Sometimes, it’s only after the fact that you realize just how close you came to dying.

After eating dinner a few nights ago, my wife was flipping through the channels on TV. “Oh, that’s right, Whisper of the Heart is on. Do you want to watch it?” she asked.

Now ordinarily a cute girl asking me if I’d like to watch anime with her gets an automatic “Why yes, I would.” But at that point there were just 20 minutes left before the end, and I said I’d rather just rent it from the video store down the street some other time, so we could watch it from the beginning.

That decision may have saved our lives.

In honor of Studio Ghibli’s newest film, The Wind Rises (due to open on July 20, check out our impressions of the movie here), a number of the famed anime studio’s works are being shown on TV this month. First up on July 5 was Whisper of the Heart, the official English title for Mimi wo Sumaseba (which, confusingly, actually means “if you listen closely”).

The film centers on junior high students Shizuku and Seiji who dream of becoming a writer and violin maker, respectively. As they follow their ambitions, a romance blossoms between the two.

Sweet story, right? Sure, for adults watching a coming-of-age tale, there’s always bound to be a bit of bittersweet nostalgia mixed in, but a little catharsis isn’t anything to get worked up over, right?

Apparently it was for some Japanese Internet commentators, who took to message boards immediately after the broadcast ended to share their despair with the world.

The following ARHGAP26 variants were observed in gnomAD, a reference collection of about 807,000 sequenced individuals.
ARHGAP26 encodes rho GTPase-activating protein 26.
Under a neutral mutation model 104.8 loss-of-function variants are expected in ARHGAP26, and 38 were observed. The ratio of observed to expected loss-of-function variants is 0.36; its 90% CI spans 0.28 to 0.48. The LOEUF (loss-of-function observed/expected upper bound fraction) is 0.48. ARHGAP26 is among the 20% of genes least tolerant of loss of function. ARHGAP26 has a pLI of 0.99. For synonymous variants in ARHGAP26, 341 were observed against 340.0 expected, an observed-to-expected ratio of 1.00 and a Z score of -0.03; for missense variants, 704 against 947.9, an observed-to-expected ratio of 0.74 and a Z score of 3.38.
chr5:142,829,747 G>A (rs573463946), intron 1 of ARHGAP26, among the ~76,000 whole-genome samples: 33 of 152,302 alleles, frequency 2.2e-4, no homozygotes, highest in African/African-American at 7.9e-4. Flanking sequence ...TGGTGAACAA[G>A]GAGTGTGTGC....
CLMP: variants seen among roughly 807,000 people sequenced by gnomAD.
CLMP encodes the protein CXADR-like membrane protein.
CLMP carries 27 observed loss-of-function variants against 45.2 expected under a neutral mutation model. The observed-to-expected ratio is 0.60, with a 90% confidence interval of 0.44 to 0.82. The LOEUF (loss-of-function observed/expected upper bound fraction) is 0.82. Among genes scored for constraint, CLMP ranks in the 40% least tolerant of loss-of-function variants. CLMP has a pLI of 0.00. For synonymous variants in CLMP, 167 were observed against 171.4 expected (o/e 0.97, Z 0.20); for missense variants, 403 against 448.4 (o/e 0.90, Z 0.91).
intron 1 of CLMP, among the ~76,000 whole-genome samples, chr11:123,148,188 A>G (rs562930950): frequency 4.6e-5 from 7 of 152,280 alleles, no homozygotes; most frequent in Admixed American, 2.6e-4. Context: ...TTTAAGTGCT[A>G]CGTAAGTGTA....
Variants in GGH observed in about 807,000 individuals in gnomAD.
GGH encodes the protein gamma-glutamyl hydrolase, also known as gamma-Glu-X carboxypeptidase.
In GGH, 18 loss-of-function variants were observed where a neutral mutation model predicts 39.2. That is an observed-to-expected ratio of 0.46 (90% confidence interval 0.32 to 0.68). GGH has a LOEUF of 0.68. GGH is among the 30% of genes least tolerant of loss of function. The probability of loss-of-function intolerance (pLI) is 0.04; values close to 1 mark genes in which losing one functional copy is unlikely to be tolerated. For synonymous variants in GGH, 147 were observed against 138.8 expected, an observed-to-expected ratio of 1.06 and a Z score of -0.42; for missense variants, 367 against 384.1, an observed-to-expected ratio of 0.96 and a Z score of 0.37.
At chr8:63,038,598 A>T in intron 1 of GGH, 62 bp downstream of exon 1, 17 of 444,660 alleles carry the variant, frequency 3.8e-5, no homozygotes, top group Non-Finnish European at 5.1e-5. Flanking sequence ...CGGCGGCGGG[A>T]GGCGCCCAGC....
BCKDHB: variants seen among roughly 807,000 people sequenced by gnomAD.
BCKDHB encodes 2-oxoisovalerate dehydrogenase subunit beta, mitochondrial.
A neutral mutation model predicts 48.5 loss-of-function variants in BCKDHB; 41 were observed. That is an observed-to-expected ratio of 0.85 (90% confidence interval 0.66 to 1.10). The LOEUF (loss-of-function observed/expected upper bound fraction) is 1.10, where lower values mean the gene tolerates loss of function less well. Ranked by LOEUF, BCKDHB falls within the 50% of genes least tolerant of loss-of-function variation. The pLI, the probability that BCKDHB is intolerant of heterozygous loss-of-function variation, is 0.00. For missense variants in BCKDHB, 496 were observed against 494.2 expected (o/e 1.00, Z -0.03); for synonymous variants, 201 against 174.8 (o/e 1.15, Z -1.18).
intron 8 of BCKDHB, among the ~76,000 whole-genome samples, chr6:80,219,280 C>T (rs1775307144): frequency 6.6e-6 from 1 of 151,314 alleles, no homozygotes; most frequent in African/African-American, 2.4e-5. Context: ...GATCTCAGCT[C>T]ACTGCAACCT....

“Give me back my youth!” demanded one. Another, lacking such energy but no less despondent, sighed “Time has passed us by.” “My life is so boring,” was a common complaint.

So what brought on this wave of sadness? Well Whisper of the Heart’s theatrical release was in 1995. Theatergoers who at that time were about the same age as its protagonists are now entering their 30s and running up against some of the cold, dry realities of adult society. Rewatching Shizuku and Seiji find their callings and make a meaningful romantic connection, all before even starting high school, didn’t exactly make them feel great about where there are in their own lives by comparison.

While most of these negative-minded comments came from men in their early 30s, younger viewers were not completely immune to the Whisper of the Heart syndrome. “I feel like I’m wasting my youth,” worried one.

In the most extreme example, a message board thread was created with the title “Whisper of the Heart Suicide Center,” featuring ASCII art of people hanging themselves and messages such as “See ya all in the afterlife!”

Ghibli head and frequent director Hayao Miyazaki has responded to questions about changes in his filmmaking style as saying that the flights of fancy that powered his earlier hits have lost their place in the modern world. The stories the studio creates today may well reflect that harsher sensibility, but it turns out Whisper of the Heart had the power to crush souls all along.

Source: Jin
Images: Studio Ghibli